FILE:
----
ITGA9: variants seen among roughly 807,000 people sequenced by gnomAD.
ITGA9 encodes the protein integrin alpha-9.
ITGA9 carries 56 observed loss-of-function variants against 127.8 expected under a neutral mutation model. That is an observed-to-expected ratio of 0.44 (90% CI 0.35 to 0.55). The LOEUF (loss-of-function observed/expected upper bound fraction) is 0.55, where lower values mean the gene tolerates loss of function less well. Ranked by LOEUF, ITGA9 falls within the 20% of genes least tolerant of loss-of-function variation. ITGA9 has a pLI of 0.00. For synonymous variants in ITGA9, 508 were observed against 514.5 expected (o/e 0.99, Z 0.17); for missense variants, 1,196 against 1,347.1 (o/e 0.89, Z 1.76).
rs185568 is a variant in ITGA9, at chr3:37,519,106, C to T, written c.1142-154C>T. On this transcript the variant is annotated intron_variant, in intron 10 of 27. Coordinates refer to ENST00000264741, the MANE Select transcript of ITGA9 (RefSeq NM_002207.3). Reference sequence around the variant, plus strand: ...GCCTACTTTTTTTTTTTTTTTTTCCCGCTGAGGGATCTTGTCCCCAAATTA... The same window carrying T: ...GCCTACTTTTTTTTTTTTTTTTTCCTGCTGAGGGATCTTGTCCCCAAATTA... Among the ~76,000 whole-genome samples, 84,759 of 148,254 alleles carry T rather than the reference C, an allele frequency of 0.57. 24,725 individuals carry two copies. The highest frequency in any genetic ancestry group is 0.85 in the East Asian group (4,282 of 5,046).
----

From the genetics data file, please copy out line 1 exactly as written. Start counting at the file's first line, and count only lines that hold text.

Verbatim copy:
ITGA9: variants seen among roughly 807,000 people sequenced by gnomAD.